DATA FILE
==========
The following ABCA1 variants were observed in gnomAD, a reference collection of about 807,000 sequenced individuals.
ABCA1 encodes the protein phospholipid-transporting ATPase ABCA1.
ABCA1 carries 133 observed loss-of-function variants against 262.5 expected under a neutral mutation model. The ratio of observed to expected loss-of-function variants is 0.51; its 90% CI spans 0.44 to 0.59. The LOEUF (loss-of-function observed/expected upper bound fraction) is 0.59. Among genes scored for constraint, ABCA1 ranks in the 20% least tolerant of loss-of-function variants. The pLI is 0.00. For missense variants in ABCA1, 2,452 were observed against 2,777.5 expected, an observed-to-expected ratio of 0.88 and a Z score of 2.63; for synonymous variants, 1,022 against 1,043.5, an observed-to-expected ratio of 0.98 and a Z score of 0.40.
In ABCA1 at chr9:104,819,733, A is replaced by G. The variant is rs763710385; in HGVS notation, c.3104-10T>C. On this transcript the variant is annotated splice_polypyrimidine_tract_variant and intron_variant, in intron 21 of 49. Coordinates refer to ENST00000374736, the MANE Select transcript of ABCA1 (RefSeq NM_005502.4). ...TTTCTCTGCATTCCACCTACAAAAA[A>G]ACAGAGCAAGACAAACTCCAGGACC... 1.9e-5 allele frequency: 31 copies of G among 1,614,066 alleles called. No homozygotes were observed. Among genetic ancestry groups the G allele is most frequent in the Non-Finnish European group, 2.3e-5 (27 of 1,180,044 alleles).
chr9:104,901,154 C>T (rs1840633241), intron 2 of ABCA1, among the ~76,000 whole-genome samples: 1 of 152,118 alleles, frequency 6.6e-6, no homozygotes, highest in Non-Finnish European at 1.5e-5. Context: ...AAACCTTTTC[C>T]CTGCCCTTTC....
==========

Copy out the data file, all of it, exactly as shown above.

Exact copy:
The following ABCA1 variants were observed in gnomAD, a reference collection of about 807,000 sequenced individuals.
ABCA1 encodes the protein phospholipid-transporting ATPase ABCA1.
ABCA1 carries 133 observed loss-of-function variants against 262.5 expected under a neutral mutation model. The ratio of observed to expected loss-of-function variants is 0.51; its 90% CI spans 0.44 to 0.59. The LOEUF (loss-of-function observed/expected upper bound fraction) is 0.59. Among genes scored for constraint, ABCA1 ranks in the 20% least tolerant of loss-of-function variants. The pLI is 0.00. For missense variants in ABCA1, 2,452 were observed against 2,777.5 expected, an observed-to-expected ratio of 0.88 and a Z score of 2.63; for synonymous variants, 1,022 against 1,043.5, an observed-to-expected ratio of 0.98 and a Z score of 0.40.
In ABCA1 at chr9:104,819,733, A is replaced by G. The variant is rs763710385; in HGVS notation, c.3104-10T>C. On this transcript the variant is annotated splice_polypyrimidine_tract_variant and intron_variant, in intron 21 of 49. Coordinates refer to ENST00000374736, the MANE Select transcript of ABCA1 (RefSeq NM_005502.4). ...TTTCTCTGCATTCCACCTACAAAAA[A>G]ACAGAGCAAGACAAACTCCAGGACC... 1.9e-5 allele frequency: 31 copies of G among 1,614,066 alleles called. No homozygotes were observed. Among genetic ancestry groups the G allele is most frequent in the Non-Finnish European group, 2.3e-5 (27 of 1,180,044 alleles).
chr9:104,901,154 C>T (rs1840633241), intron 2 of ABCA1, among the ~76,000 whole-genome samples: 1 of 152,118 alleles, frequency 6.6e-6, no homozygotes, highest in Non-Finnish European at 1.5e-5. Context: ...AAACCTTTTC[C>T]CTGCCCTTTC....